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PokerStars Responds To California Tribal Coalition

Firm Fires Back, Says Tribes "Misrepresenting" Company's Past

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PokerStars wants to get re-involved with online poker in the United States, after leaving American cyberspace in April 2011. After high-stakes efforts didn’t pan out in Nevada or New Jersey, the state of California is the firm’s next target.

The site has reportedly entered into negotiations for potentially partnering with the Morongo Band of Mission Indians, a California tribe which operates the Morongo Casino Resort in Cabazon. PokerStars would need a partner to find a way into California. However, the California Tribal Business Alliance has pledged to block any legislation that doesn’t have a “bad actor” clause, which would essentially shut PokerStars out of the market thanks to its history.

PokerStars settled without admitting any wrongdoing.

Shortly after it was made public that the CTBA would oppose any bill that allowed PokerStars to have access to the state’s 38 million population, the firm issued a statement of its own.

PokerStars shares the belief that a future licensing framework for online poker in California should be based upon the highest standards of suitability that maximize consumer protection and consumer choice. We have consistently met those standards in jurisdictions around the world, where we hold 11 licenses — more than any other company, including licenses in leading European jurisdictions such as Italy, France and Spain.

PokerStars has not, will not and need not request any changes to the California gaming regulations. Most regulatory frameworks around the world leave the assessment of suitability to qualified expert regulators. The same position has been taken by the legislators in New Jersey. The California Gambling Control Commission has a 15-year history of successful consumer protection and is more than qualified to continue to determine suitability.

The only parties seeking to change this are certain groups who want to use the Legislature to gain a competitive market advantage and to limit competition. Their efforts are not in the best interest of consumer choice or consumer protection.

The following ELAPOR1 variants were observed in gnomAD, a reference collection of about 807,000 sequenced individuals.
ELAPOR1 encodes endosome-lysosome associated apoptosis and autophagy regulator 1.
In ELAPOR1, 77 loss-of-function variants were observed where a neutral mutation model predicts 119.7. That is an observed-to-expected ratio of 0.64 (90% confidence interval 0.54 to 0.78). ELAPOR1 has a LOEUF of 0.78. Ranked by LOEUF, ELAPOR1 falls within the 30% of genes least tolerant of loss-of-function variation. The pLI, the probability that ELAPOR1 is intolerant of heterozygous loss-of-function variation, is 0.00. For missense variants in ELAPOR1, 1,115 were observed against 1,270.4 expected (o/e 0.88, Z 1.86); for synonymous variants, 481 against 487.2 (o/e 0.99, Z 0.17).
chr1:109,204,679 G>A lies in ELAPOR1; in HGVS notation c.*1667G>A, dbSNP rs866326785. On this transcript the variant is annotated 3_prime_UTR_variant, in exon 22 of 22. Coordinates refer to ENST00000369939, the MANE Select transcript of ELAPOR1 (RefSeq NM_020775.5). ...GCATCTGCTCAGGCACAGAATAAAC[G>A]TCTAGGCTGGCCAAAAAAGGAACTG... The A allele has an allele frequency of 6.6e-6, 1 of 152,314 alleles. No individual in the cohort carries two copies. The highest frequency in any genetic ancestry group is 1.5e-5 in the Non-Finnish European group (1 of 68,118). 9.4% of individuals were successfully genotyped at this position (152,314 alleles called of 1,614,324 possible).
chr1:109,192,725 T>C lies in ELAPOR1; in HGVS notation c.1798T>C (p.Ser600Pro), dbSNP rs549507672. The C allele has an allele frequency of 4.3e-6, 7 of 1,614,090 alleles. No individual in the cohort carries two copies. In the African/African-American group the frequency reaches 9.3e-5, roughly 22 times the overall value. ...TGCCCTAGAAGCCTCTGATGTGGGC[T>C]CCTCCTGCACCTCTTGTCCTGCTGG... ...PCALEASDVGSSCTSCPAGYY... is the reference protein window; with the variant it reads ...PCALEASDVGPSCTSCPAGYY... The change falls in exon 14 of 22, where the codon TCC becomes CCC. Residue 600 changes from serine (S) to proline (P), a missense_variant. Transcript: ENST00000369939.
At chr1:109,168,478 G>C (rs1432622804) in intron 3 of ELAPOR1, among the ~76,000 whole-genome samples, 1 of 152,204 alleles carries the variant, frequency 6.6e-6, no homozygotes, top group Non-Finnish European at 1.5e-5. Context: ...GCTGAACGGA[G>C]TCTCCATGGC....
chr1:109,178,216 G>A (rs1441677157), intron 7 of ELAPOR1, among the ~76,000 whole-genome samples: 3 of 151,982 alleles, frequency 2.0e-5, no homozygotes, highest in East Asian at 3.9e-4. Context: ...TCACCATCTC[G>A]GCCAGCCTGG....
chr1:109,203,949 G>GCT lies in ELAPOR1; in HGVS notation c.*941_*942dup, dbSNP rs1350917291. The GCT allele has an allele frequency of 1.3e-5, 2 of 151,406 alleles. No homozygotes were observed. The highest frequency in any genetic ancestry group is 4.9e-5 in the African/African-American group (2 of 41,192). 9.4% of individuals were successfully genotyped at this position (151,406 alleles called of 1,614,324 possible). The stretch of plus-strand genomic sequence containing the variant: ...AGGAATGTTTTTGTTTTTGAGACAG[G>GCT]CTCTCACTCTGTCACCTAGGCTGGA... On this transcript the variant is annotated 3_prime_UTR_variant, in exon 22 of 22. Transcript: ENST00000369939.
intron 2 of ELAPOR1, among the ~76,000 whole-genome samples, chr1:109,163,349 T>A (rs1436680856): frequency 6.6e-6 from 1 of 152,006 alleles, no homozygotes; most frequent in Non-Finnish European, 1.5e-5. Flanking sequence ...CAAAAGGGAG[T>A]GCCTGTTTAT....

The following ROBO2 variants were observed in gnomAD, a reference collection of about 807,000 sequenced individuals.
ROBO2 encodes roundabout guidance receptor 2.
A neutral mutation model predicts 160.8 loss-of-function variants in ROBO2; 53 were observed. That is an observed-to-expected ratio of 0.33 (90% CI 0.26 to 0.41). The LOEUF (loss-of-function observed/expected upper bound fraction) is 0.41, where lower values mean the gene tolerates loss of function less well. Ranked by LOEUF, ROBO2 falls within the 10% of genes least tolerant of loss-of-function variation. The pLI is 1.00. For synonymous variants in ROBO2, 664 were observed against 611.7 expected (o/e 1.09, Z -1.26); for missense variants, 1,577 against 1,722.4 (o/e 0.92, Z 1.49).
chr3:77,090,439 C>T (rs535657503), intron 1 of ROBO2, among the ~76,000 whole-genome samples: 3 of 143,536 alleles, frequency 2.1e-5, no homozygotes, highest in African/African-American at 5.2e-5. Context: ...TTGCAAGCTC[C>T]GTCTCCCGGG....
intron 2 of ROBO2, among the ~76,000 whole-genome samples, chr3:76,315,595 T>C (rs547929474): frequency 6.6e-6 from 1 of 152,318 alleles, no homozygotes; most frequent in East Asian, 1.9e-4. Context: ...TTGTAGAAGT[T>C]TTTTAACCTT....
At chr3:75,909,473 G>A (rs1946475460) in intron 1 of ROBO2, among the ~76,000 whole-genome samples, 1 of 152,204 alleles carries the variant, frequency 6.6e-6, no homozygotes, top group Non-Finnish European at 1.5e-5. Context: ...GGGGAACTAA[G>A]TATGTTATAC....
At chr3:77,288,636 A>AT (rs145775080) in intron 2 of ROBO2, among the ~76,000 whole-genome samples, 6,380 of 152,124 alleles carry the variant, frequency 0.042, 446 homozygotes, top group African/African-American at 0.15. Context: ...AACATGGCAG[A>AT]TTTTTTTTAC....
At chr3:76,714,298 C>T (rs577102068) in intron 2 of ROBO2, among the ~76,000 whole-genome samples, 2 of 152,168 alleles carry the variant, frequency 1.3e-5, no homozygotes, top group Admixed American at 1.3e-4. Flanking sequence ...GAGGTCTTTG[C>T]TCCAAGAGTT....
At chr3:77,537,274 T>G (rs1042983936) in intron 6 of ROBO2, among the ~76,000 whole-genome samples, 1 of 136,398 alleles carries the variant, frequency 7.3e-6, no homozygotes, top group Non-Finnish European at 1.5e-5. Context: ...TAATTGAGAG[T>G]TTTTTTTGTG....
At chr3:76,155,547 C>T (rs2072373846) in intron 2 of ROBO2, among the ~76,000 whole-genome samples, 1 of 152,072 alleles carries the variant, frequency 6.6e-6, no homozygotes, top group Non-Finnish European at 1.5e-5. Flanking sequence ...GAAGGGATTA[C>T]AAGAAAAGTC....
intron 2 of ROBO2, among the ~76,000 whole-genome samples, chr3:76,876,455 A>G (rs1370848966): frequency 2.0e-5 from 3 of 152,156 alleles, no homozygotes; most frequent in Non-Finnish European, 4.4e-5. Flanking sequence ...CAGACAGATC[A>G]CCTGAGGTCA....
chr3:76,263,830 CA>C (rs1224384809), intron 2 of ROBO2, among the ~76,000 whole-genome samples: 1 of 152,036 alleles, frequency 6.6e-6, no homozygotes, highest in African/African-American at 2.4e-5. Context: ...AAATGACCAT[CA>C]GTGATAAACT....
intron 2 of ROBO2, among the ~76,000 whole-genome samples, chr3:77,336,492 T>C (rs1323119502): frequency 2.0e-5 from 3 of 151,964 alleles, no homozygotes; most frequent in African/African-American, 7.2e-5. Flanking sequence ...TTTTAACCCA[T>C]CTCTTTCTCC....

These groups are misrepresenting the Unlawful Internet Enforcement Gambling Act (UIGEA) and PokerStars’ past U.S. operations serving only to exclude PokerStars from the market in order to avoid what should be fair competition. The fact is that UIGEA did not make illegal any gaming that was not already illegal before its passage. This has been confirmed by the U.S. Third Circuit Court of Appeals and by the U.S. Department of Justice. PokerStars operated under legal opinion that its offering of online poker did not violate U.S. law before 2006 and maintained that opinion following the passage of UIGEA.

PokerStars looks forward to demonstrating our suitability to the regulator just like any other company seeking to operate in California and investing in a fair and well-regulated market.

There are currently two bills on the table that could legalize online poker in California.

 
 
 
 

Comments

David90
over 7 years ago

Hopefully pokerstars will gain a foothold in the us and us players will be able to play with row players again. This will be a great day. As is unregulated offshore sites are hit and miss for americans. You have your honest sites like bovada and you have outright Ponzi schemes such as lock poker and superwins. Just because a offshore site can pay for advertising doesn't mean they will pay if you try to cash out. Don't be the next victim of a Ponzi scheme do your research before you deposit. Offshore sites like lock poker are nothing more than ATMs for their owners.

 
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